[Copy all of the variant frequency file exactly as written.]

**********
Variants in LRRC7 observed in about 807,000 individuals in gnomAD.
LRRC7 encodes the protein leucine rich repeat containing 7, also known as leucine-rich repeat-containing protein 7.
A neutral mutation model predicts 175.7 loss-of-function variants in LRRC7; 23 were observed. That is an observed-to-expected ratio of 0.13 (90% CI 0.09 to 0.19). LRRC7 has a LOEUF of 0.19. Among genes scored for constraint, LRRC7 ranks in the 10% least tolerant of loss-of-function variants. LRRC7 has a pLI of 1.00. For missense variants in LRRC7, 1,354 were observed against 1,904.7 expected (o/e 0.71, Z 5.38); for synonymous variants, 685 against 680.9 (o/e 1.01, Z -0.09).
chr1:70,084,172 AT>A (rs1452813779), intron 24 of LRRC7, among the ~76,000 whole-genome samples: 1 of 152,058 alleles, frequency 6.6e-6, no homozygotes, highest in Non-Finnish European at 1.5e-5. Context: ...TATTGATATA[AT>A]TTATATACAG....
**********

Variants in LRRC7 observed in about 807,000 individuals in gnomAD.
LRRC7 encodes the protein leucine rich repeat containing 7, also known as leucine-rich repeat-containing protein 7.
A neutral mutation model predicts 175.7 loss-of-function variants in LRRC7; 23 were observed. That is an observed-to-expected ratio of 0.13 (90% CI 0.09 to 0.19). LRRC7 has a LOEUF of 0.19. Among genes scored for constraint, LRRC7 ranks in the 10% least tolerant of loss-of-function variants. LRRC7 has a pLI of 1.00. For missense variants in LRRC7, 1,354 were observed against 1,904.7 expected (o/e 0.71, Z 5.38); for synonymous variants, 685 against 680.9 (o/e 1.01, Z -0.09).
chr1:70,084,172 AT>A (rs1452813779), intron 24 of LRRC7, among the ~76,000 whole-genome samples: 1 of 152,058 alleles, frequency 6.6e-6, no homozygotes, highest in Non-Finnish European at 1.5e-5. Context: ...TATTGATATA[AT>A]TTATATACAG....